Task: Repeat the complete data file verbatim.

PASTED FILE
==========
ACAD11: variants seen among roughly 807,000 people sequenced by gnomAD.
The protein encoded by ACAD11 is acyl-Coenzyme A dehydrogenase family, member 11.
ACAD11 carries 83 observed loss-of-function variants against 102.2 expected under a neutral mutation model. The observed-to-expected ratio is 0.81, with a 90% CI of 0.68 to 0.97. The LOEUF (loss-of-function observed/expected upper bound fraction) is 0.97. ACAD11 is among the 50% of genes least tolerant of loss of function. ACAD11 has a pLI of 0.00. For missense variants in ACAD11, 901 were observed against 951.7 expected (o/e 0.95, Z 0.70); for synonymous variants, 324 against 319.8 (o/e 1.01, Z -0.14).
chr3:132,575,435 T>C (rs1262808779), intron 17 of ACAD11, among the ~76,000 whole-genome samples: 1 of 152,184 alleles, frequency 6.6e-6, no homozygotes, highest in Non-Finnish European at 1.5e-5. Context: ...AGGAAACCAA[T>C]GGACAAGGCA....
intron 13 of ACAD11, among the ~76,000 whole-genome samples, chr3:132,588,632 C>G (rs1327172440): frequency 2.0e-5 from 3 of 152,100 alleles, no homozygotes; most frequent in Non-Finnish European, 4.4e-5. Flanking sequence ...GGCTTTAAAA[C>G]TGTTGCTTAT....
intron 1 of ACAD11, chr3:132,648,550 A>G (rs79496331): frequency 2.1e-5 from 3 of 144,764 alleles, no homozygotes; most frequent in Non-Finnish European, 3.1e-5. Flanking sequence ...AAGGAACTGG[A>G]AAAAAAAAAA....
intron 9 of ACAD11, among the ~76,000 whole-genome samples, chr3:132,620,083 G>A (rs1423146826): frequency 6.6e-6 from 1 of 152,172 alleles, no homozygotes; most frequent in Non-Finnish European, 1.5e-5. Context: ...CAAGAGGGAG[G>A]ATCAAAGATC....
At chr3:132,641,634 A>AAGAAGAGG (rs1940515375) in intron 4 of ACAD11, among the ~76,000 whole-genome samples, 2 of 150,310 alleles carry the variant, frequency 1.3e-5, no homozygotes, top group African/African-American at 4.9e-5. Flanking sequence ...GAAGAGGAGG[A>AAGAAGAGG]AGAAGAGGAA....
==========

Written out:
ACAD11: variants seen among roughly 807,000 people sequenced by gnomAD.
The protein encoded by ACAD11 is acyl-Coenzyme A dehydrogenase family, member 11.
ACAD11 carries 83 observed loss-of-function variants against 102.2 expected under a neutral mutation model. The observed-to-expected ratio is 0.81, with a 90% CI of 0.68 to 0.97. The LOEUF (loss-of-function observed/expected upper bound fraction) is 0.97. ACAD11 is among the 50% of genes least tolerant of loss of function. ACAD11 has a pLI of 0.00. For missense variants in ACAD11, 901 were observed against 951.7 expected (o/e 0.95, Z 0.70); for synonymous variants, 324 against 319.8 (o/e 1.01, Z -0.14).
chr3:132,575,435 T>C (rs1262808779), intron 17 of ACAD11, among the ~76,000 whole-genome samples: 1 of 152,184 alleles, frequency 6.6e-6, no homozygotes, highest in Non-Finnish European at 1.5e-5. Context: ...AGGAAACCAA[T>C]GGACAAGGCA....
intron 13 of ACAD11, among the ~76,000 whole-genome samples, chr3:132,588,632 C>G (rs1327172440): frequency 2.0e-5 from 3 of 152,100 alleles, no homozygotes; most frequent in Non-Finnish European, 4.4e-5. Flanking sequence ...GGCTTTAAAA[C>G]TGTTGCTTAT....
intron 1 of ACAD11, chr3:132,648,550 A>G (rs79496331): frequency 2.1e-5 from 3 of 144,764 alleles, no homozygotes; most frequent in Non-Finnish European, 3.1e-5. Flanking sequence ...AAGGAACTGG[A>G]AAAAAAAAAA....
intron 9 of ACAD11, among the ~76,000 whole-genome samples, chr3:132,620,083 G>A (rs1423146826): frequency 6.6e-6 from 1 of 152,172 alleles, no homozygotes; most frequent in Non-Finnish European, 1.5e-5. Context: ...CAAGAGGGAG[G>A]ATCAAAGATC....
At chr3:132,641,634 A>AAGAAGAGG (rs1940515375) in intron 4 of ACAD11, among the ~76,000 whole-genome samples, 2 of 150,310 alleles carry the variant, frequency 1.3e-5, no homozygotes, top group African/African-American at 4.9e-5. Flanking sequence ...GAAGAGGAGG[A>AAGAAGAGG]AGAAGAGGAA....